While the first daffodils to flower were several weeks behind last year, the crocus seem to be a couple of weeks early.

Crocus vernus 'Negro Boy'

The sunny golden flowers of our first crocus have faded; superseded by a second wave of flowers which have just begun to open. Once again, I am entranced this year by the deep shimmering midnight-purple of Crocus vernus ‘Negro Boy’.

Crocus vernus 'Negro Boy'

Such beautiful deep tones. In the autumn I also added C. chrysanthus ‘Prins Claus’, whose flowers are white on the inside, but washed with purple on the outside.

Crocus chrysanthus 'Prins Claus'

I also added some more of the large Dutch Crocus, the beguiling white C. vernus ‘Jeanne d’Arc’. I almost bought several pots of these in flower last spring when I saw them outside a grocers in a nearby market town, but I stopped myself, instead noting their name and ordering up these corms in the autumn. I could justify more plants that way!

Crocus vernus 'Jeanne d'Arc'

These are noticeably taller than our other crocus, the fully extended flowers standing far above their stripy foliage. I was not expecting the purple lines that grace their neck, but it is a pretty embellishment on the otherwise pure white chalices of these flowers, and complements our other crocus varieties rather well…

Helleborus niger, Christmas rose

At long last, our Helleborus niger has also begun to open fully – though somewhat off the mark as far as its title of ‘Christmas Rose’ goes! Its leaves are a little burnt and frayed, perhaps I should have cut them back a month or two ago, but they barely detract from the delicate pink-kissed flowers in which the plant is now bedecked. The buds have been held rigidly close to the crown of the plant for two months or more, until suddenly now they have relaxed and unfurled to smile out at the garden – unlike the hybrid hellebores nearby whose flowerheads hang down to the earth.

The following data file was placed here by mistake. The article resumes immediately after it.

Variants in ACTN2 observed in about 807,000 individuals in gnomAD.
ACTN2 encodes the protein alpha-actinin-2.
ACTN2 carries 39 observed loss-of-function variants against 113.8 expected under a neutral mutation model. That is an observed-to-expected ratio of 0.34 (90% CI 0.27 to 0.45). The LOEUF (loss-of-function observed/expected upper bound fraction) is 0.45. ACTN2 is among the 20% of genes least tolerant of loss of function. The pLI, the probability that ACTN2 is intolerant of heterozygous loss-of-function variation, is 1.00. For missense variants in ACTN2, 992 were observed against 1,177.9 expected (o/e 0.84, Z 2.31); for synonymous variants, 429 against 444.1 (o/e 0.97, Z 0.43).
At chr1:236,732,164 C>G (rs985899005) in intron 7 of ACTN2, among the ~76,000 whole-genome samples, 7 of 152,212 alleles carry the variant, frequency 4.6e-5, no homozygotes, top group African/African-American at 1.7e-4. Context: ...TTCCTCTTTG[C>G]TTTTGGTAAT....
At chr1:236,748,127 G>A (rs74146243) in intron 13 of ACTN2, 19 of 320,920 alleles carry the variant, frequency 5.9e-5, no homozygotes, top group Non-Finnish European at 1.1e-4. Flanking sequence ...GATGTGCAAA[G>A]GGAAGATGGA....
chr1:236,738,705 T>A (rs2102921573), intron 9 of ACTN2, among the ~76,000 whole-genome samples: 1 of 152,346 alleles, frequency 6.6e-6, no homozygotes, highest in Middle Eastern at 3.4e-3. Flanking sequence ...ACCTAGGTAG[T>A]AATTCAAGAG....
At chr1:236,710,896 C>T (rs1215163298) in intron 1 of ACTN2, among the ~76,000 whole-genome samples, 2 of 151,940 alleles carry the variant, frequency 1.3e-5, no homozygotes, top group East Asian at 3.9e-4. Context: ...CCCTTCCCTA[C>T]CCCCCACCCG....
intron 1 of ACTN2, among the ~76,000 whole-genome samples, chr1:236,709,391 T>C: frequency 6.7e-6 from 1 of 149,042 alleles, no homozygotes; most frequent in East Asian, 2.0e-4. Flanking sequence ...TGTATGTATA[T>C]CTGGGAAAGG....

Spring primroses
The primroses are also out in full flower now, making the most of the sunshine when it comes. Such cheerful spring flowers, they always make me smile. Spring really does seem to be getting into its stride here now.


18 thoughts on “Stride

    • This is the first year our Christmas Rose has flowered; I planted it two years ago… worth the wait though!
      I loved the Jeanne d’Arc when I saw them in town last year – it was very hard to walk past! I had to promise myself that I’d get lots more for the same price if I bought them in autumn!!

  1. The markings on the ‘Jeanne d’Arc’ are so delicately beautiful, aren’t they? Was it Negro Boy that you featured last year or another shiny dark purple one? I did vaguely look for bulbs of whichever it was at the time – where did you get yours from?

    • Yes I love the unexpected marking on ‘Jeanne d’Arc’. It was these Negro Boy that I swooned over last year too – and the year before! My mum bought them – a few years ago, and gave half to me. I think she got them from Crocus, fittingly enough, though they don’t seem to have sold them again since.

  2. Simply beautiful crocuses Sara. I remember the first from your post last year. I like those folds on ‘Jeanne d’Arc’ all primed to unfurl as well as her purple flecking. Here I felt some real warmth from the sun yesterday – it did not last long but it was a definite taster of spring 🙂

    • Thanks Christina, I think I shall keep adding a few crocus each year too, they are such treasures at this time of year. Much better suited to your climate than ours, but I shall continue to subject them to our wet winters too 🙂

  3. I’m glad it’s not just me that has had Hellebores that are reluctant to open! That “Jeanne d’Arc” Crocus really is beautiful. It’s funny how sometimes less is more, and a plain colour is more impressive than a brash one.

    • I was surprised by how rigid the hellebore buds were for so long. I thought they’d never open! Jeanne d’Arc almost reminds me of autumn’s ‘naked ladies’ (colchicums) with such a long stem and ghostly colouring.

  4. Lovely. Plant timings do seem a little odd. February Gold have just scraped into February despite the mild winter but Tete a Tete are open already which is early compared with the last few years. Whenever they appear and early or late they are all such a welcome sight. And ‘Negro Boy’ is one for my garden notebook.

    • Despite NB being a heritage variety (from 1910) it seems sadly quite hard to get hold of, suspect that is partly down to its unfortunate name… Hope you track some down though, it’s such a lovely sultry colour!

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